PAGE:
Ralph Lauren agrees to pay $1.6 million in bribe cases

WASHINGTON — Ralph Lauren Corp., the retailer of its namesake brand clothing, will pay about $1.6 million to resolve U.S. regulatory and criminal claims that a subsidiary paid bribes to officials in Argentina from 2005 to 2009.

The apparel company reported violations of the Foreign Corrupt Practices Act to regulators after discovering it in a 2010 internal review, the Securities and Exchange Commission said Monday in a statement. New York-based Ralph Lauren signed a non-prosecution agreement to settle the cases.

Ralph Lauren agreed to pay $593,000 in disgorgement and $141,845.79 in prejudgment interest, the SEC said. The company will pay an $882,000 penalty in parallel criminal proceedings by the Justice Department, the SEC said.

“When they found a problem, Ralph Lauren Corporation did the right thing by immediately reporting it to the SEC and providing exceptional assistance in our investigation,” George Canellos, the SEC’s acting enforcement director, said in the statement. The settlement “makes clear that we will confer substantial and tangible benefits on companies that respond appropriately to violations and cooperate fully,” he said.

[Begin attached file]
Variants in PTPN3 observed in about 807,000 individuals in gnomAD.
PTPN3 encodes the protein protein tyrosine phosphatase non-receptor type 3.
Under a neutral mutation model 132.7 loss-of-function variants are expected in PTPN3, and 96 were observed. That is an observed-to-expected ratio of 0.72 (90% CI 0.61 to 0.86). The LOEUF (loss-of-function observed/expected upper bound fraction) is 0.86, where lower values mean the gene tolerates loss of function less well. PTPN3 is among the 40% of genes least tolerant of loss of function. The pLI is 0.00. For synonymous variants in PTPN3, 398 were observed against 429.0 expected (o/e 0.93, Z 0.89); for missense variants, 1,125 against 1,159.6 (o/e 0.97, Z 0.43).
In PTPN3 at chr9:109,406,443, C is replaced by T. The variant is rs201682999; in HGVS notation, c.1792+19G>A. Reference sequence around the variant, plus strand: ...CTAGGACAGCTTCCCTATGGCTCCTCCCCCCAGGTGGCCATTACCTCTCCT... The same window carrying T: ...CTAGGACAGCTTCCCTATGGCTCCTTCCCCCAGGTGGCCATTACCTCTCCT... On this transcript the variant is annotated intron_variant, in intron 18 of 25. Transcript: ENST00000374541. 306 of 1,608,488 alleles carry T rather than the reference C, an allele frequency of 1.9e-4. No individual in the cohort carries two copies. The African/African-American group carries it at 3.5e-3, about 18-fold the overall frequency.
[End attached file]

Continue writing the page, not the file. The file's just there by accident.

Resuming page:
Ralph Lauren’s subsidiary RLC Argentina used a so-called customs broker to funnel about about $568,000 in bribes to ensure the clearance of prohibited goods, avoid inspections and to import certain items without the necessary paperwork, the SEC said.

To disguise the illegal payments, the customs broker submitted invoices to RLC Argentina with phony claims for “Loading and Delivery Expenses” and “Stamp Tax/Label Tax,” according to the agreement. In addition to the bribes, RLC Argentina’s general manager directly provided or authorized improper gifts to government officials including perfume, dresses and handbags valued valued from $400 to $14,000 each.

Under the criminal accord, the Justice Department won’t bring charges as long as Ralph Lauren cooperates with an ongoing investigation, implements certain compliance measures and makes periodic reports.

The company discovered the violations after disseminating a new FCPA compliance policy in February 2010, the SEC said. Later that year, RLC Argentina employees reviewed the policy and raised concerns about the customs broker’s work. Within two weeks of uncovering the payments and gifts, RLC reported its preliminary findings to both the SEC and Justice Department.

“Ralph Lauren did all the right things in this situation: we investigated, reported, cooperated with authorities, conducted a worldwide assessment and implemented a series of remedial measures,” Tom Hanusik, the company’s attorney at Crowell &Moring LLP, said in an interview. “The unprecedented use of non-prosecution agreements by both agencies reflects that.”

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